New system helps ensure security for shuttle bus service at the Yard
In response to efforts to make the Brooklyn Navy Yard (the Yard) more secure following the launch of a new shuttle bus service, Orion Entrance Control, Inc. was selected to use its technological expertise to help develop a security solution for the buses. The Brooklyn Navy Yard Development Corporation (BNYDC), a nonprofit that was chosen to convert the Brooklyn Navy Yard into an industrial park in 1981, needed to find a way to make the Yard more accessible to the employees, contractors and visitors of the 300-acre industrial park. The BNYDC settled on offering a shuttle bus service, but needed to find a way to ensure that only authorized personnel took advantage of it. As a secure facility, employees at the Yard are required to provide credentials upon entering the facility.
“We already had an S2 access control system in place at the Yard entrances and wanted to extend its capabilities to our buses,” said Pasquale Cirullo, vice president of technology for BNYDC.
To explore options, BNYDC tasked Advanced Electronic Solutions to come up with a plan to address the security concerns. Advanced Electronic Solutions worked with Orion Entrance Control, Inc. and designed a credential-reading solution. The system stands three feet tall and includes bar code readers, HID iClass readers and an S2 MicroNode™ Plus. It will read physical cards and mobile credentials, as well as barcodes supplied to Yard employee visitors.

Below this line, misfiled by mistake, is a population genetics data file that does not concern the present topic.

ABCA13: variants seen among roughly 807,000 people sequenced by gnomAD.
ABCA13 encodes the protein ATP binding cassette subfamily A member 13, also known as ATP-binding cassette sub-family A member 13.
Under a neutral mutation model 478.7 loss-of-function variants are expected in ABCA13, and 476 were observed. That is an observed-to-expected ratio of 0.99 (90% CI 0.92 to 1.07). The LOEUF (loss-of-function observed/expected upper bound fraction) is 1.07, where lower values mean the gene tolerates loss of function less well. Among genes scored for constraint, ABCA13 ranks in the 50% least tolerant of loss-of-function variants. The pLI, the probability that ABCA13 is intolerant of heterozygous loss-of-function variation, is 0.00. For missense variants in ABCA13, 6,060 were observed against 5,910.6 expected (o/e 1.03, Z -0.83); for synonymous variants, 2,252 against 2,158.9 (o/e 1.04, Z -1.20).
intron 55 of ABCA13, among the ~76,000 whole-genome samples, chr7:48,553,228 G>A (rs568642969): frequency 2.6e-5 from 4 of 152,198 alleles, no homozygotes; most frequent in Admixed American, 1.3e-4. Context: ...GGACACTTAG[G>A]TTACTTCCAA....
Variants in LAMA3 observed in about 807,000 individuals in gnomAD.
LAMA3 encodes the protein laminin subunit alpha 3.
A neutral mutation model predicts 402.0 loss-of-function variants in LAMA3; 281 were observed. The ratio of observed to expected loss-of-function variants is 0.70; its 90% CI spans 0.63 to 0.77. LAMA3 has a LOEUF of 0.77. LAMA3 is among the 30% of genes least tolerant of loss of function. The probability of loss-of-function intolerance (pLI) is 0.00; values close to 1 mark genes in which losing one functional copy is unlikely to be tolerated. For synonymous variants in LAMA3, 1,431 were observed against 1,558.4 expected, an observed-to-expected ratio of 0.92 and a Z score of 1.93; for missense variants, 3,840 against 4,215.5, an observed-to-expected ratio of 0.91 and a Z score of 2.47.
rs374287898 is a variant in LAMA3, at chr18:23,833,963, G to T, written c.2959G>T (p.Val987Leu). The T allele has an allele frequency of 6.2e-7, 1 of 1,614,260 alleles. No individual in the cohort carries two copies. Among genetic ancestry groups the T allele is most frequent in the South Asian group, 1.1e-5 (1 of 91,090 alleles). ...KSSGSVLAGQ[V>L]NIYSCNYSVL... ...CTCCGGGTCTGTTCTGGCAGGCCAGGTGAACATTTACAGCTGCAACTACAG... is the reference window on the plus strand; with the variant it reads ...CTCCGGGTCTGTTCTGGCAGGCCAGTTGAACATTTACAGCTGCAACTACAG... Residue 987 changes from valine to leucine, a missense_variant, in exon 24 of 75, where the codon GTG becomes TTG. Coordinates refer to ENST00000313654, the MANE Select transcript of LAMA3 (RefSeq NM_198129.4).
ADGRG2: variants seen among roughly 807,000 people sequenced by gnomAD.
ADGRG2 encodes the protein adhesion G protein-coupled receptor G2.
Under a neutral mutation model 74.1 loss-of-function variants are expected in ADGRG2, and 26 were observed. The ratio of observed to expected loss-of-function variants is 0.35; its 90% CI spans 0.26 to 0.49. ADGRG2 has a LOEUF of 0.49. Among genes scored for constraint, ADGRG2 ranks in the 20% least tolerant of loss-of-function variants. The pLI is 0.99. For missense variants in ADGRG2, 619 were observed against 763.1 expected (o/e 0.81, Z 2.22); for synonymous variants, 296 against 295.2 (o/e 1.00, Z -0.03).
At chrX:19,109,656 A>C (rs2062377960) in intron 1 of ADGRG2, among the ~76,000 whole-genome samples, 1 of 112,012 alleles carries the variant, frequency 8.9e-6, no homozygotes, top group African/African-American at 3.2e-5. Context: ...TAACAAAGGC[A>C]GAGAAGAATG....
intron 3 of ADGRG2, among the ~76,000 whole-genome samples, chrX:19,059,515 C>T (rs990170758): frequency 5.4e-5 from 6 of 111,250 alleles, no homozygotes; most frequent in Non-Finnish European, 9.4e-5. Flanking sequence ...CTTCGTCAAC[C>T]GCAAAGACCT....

The system is currently set up on six buses and is user and driver friendly It closely resembles the systems used on public transportation, simplifying the experience. The driver of the bus is also easily able to monitor credentials, as a green or red light is displayed when they are read.
“The new system makes it easy for us to ensure that the people who should be on the Yard, are on the Yard,” said Cirullo.
The system has improved Yard security and enables the facility to remain secure. The system also allows the Yard to capture important data about who is using the service and route efficiency.
The Brooklyn Navy Yard has an illustrious past. It was founded in 1801 and was the nation’s foremost naval facility, launching the USS Maine, USS Arizona and USS Missouri, among others. The City of New York received the Yard in the 1960s after the Navy vacated it. A few years later, the BNYDC was appointed, and construction of the secure facility begun. Today, the Yard is home to over 400 businesses employing more than 8,000 people.
“We plan to grow the Navy Yard to house 20,000 or more employees, and now we have a solution for our buses that can scale as we grow,” Cirullo added.